Sources of any customary laws are the practices which are been carried out since time immemorial and they have a positive impact on society. Spiritual believe and saying can also become a source of customary law.
Any practices to become a source of law should satisfy two conditions-
- It should have been followed since time immemorial.
- It should not be against equity, justice, and good conscience.
There are two sources of Hindu law
- Ancient source
- Modern source
Ancient source includes- Shruti, Smriti, digests and commentaries and customs.
This word has been derived from the word shru which means ‘to hear’. It is primary and paramount source of Hindu law and is believed to be the language of divine revelation through sages.
This word has been derived from smri which means “to remember”. Smritis contain that part of shrutis which the sages forgot to add in their original work and thereby it was added later.
DIGEST AND COMMENTARIES
Commentaries (tika or bhashya) ad digest (nibandhs) cover more than a thousand years. In the first part of the period, most of the commentaries were written on smritis but in the later period the work was in the form of a digest containing a synthesis of various smritis and explaining and reconciling various methods.
The evolution of various school of law has been possible because of these commentaries
Practices carried out since time immemorial by a caste or class of people are called customs. Custom is a principle source and its position is next to shrutis and smritis but usage of custom prevails over smritis . It is superior to written law.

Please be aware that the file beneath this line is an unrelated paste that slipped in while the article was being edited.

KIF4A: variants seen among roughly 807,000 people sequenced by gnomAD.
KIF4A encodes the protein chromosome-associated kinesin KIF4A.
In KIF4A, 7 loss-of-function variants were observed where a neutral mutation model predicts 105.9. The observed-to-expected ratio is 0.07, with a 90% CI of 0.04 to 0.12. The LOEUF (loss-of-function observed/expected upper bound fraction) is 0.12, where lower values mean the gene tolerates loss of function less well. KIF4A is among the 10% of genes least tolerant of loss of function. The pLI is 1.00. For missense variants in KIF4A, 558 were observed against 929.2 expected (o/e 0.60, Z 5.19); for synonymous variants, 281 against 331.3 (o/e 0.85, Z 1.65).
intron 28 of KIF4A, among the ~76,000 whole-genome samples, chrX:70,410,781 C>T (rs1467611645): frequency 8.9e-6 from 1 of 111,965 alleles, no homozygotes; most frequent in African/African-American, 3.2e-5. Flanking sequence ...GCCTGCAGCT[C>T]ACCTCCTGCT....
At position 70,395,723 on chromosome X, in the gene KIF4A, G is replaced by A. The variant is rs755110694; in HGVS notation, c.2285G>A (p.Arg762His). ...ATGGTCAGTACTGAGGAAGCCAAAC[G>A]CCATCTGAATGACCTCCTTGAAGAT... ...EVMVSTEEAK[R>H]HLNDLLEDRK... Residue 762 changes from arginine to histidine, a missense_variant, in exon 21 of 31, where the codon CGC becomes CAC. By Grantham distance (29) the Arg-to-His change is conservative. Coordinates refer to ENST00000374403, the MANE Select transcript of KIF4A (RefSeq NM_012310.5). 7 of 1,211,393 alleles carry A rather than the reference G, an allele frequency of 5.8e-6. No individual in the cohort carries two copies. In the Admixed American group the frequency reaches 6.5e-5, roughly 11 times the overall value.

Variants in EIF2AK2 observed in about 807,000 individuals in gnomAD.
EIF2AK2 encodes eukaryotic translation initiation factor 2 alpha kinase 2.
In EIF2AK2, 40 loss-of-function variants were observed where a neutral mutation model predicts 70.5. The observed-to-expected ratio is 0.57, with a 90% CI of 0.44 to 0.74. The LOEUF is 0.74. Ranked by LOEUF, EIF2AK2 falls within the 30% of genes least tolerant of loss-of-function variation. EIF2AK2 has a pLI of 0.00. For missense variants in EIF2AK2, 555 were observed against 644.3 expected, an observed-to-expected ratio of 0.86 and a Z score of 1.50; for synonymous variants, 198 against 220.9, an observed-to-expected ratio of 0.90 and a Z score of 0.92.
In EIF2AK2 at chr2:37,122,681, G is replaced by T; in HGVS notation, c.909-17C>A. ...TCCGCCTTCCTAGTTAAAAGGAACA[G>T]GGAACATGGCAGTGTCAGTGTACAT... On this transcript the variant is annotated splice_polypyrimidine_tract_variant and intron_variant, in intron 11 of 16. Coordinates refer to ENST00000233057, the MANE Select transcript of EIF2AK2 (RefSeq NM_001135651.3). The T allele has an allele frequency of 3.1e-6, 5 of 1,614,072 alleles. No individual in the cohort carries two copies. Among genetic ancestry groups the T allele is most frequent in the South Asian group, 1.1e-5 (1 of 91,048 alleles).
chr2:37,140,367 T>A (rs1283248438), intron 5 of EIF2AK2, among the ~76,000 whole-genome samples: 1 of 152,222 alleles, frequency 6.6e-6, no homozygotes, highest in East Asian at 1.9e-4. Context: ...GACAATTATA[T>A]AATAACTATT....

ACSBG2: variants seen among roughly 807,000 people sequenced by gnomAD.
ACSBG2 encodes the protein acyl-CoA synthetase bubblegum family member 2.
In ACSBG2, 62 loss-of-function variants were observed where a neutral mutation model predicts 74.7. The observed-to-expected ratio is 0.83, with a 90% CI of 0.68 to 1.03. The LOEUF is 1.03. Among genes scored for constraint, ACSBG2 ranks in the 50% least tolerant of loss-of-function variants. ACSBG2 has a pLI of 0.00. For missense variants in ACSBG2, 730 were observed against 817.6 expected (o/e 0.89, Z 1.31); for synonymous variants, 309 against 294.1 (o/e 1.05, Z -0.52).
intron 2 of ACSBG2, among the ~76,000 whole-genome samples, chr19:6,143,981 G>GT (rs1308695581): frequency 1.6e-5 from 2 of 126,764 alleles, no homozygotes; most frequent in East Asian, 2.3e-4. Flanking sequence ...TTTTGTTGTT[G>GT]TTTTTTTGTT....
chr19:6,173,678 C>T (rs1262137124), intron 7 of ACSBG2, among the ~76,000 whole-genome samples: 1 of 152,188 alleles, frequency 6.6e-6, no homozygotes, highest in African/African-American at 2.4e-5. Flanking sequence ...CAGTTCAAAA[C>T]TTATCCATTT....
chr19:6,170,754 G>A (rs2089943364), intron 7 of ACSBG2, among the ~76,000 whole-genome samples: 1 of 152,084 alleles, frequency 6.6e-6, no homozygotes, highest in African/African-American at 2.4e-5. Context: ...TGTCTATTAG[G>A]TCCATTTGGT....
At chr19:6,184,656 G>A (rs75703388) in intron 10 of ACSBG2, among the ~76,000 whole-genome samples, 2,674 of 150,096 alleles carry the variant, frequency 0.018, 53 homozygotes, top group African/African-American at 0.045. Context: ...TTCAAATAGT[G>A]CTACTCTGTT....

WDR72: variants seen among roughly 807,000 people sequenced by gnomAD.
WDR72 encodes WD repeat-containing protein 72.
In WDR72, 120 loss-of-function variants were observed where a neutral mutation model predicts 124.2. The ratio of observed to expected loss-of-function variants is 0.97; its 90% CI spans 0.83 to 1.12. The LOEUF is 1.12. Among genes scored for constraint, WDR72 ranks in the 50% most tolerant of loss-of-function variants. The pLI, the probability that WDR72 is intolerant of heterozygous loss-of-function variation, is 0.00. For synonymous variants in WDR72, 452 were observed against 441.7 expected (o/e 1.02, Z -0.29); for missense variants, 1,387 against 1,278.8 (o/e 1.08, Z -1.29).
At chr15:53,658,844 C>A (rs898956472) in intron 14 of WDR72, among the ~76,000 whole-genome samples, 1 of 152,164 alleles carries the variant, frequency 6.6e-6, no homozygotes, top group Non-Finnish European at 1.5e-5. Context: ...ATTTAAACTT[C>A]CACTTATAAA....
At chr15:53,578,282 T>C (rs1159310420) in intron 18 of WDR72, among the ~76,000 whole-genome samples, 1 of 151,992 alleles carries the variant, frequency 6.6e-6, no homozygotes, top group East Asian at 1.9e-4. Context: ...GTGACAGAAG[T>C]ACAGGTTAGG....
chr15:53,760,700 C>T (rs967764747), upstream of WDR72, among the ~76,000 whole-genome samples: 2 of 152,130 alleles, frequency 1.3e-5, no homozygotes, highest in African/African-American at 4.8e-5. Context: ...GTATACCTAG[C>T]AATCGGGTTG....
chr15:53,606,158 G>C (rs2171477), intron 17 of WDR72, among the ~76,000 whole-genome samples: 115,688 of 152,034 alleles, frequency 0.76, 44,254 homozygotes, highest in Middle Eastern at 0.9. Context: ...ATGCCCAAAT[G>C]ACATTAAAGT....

Modern sources include – equity justice and good conscience, legislation, and precedents.
EQUITY JUSTICE AND GOOD CONSCIENCE
Occasionally a case might come before the court on which there is no law or precedent is available. In such a situation the court has to pass the judgment based on equity, justice, and good conscience.
Legislation is an act of parliament which has played a profound role in framing Hindu law. Some of the framed Hindu laws are The Hindu Marriage Act 1955, The Hindu Adoption and Maintenance Act 1956, The Hindu Succession Act 1956.
A precedent or authority is a legal case that establishes a principle or rule. This principle or rule is then used by the court or other judicial bodies use when deciding later cases with similar issues or facts. The use of precedent provides predictability, stability, fairness and efficiency in the law.